Recent government statements about planning have suggested that ministers see it as one of the biggest obstacles to growth in this country. "Where is there more red tape than in our planning laws?" chancellor George Osborne asked the Tory conference in October.
Lord Heseltine's 211-page report on the pursuit of growth, commissioned by the Prime Minister and published earlier this month, only dedicates four of its pages specifically to planning. But it echoes the severity of the chancellor's criticism.
Repeating a soundbite that Heseltine first uttered in 1979, the report says that "there are countless jobs tied up in the filing cabinets of the planning regime".
Heseltine's solution is to give planning authorities no more than six months to decide on applications. After that, the report says that the Planning Inspectorate would be given the power to call in the application. Indeed, one clause in the report suggests the referral to the inspectorate should be automatic. But a spokesman for the Department for Business, Innovation and Skills, which housed the review team, said that the intention was for the inspectorate to judge when call-in would be appropriate.
To further accelerate decision-making, Heseltine would require councils that have taken more than three months to determine an application to publish a statement setting out the issues. He calls for the appeals process to be similarly altered: "Issues known and articulated after three months, decision after no more than six months."
As well as challenging development management teams to speed up, Heseltine suggests that their load could be eased by allowing licensed private sector operators to make some planning-related decisions on matters such as listed building consent. The government has recently consulted on similar proposals and decided not to proceed with them.
But Heseltine's suggestion is slightly different, proposing a "dual key" system, in which both applicants and private sector decision-makers would have to be licensed if the application was not to go through the usual local planning authority route. Government adviser English Heritage would also retain call-in powers on such applications.
Heseltine's enthusiasm for involving private planners in decision-making stems from a sceptical view of the "responsiveness and quality of advice" public sector planners offer. "If advice is sought from a private firm of consultants, a senior partner arrives within days and immediately indicates what will and will not be possible," says the report. "The local authority similarly consulted will often send a junior official who caveats everything they say with the fact that they are not empowered to make any decisions and warns that their advice might be incorrect or overruled."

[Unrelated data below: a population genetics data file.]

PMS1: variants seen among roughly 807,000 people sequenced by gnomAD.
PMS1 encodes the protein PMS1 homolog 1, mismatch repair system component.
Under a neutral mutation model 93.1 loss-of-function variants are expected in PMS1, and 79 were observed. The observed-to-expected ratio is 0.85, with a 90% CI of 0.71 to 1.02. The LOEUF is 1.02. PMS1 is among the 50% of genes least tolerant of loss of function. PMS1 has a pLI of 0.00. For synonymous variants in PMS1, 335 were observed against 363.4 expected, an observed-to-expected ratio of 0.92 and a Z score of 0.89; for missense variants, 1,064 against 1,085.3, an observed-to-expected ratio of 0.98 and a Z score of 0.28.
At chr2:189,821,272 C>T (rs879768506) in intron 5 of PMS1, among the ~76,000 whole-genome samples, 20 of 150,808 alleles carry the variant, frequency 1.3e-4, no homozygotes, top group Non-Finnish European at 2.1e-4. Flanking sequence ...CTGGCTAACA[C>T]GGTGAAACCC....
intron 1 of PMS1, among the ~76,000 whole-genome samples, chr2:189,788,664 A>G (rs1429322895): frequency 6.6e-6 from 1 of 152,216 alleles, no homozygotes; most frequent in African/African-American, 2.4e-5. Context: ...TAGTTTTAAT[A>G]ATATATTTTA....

But while Heseltine wants to streamline the development management system, he would also demand the return of strategic subregional planning. He proposes devolving around £12 billion a year of central government public spending to the public-private local enterprise partnerships that produce the most robust growth strategies for their subregions.
LEPs would be given additional funding to employ planning consultants to draw up the plans. This would be done "as part of a deliberate attempt to spread best practice, engage private sector expertise and avoid any LEPs being entirely dependent on the already stretched planning departments of the local authorities".
Responding to the report, Royal Town Planning Institute head of policy and practice Richard Blyth said that he was "disappointed" that Heseltine had repeated his "filing cabinets" comment from the 1970s.
"Planning departments have taken big strides in their administrative systems since then," he said.
But he applauded the report's call for planning to take place at a larger-than-local level, and its highlighting of the fact that no-one in government is tasked with looking holistically at the full range of issues facing a particular area. "It is welcome that someone of his kudos is putting his finger on that difficulty," he said.
Hugh Ellis, chief planner at campaign group the Town & Country Planning Association, also welcomed the focus on subregional strategic planning. But he said that Heseltine's proposals would not confer "public consent and legitimacy" on plans drawn up by unelected, business-chaired LEPs. "If they start making unpopular decisions, communities are going to start asking: 'Who are these people?'" said Ellis.
But Heseltine told Planning's sister title Regeneration & Renewal that his proposals ensured accountability. He said: "The LEPs can't make a bid without the approval of the local authority, because they're partners. And central government would not approve bids unless they're satisfied they meet their policy objectives. So you have got a twin accountability, democratic process".
Lord Heseltine is chair of Haymarket Group, which publishes Planning.
The study can be viewed via Planning Resource.co.uk/go/referencesection
Delivering economic growth is the theme of the Institute of Economic Development's annual conference, which takes place in Westminster on 27 November. The event is staged in association with Planning's sister title Regeneration & Renewal. Delegates will hear from:
- Local enterprise partnership chiefs, including LEP Network chair David Frost CBE
- BIS deputy director Sue Baxter on the new European funding landscape
- DCLG deputy director Katy Willison on the powers business rates reform will give to local authorities to drive economic growth.
For further details, please visit www.economicdevelopmentconference.com.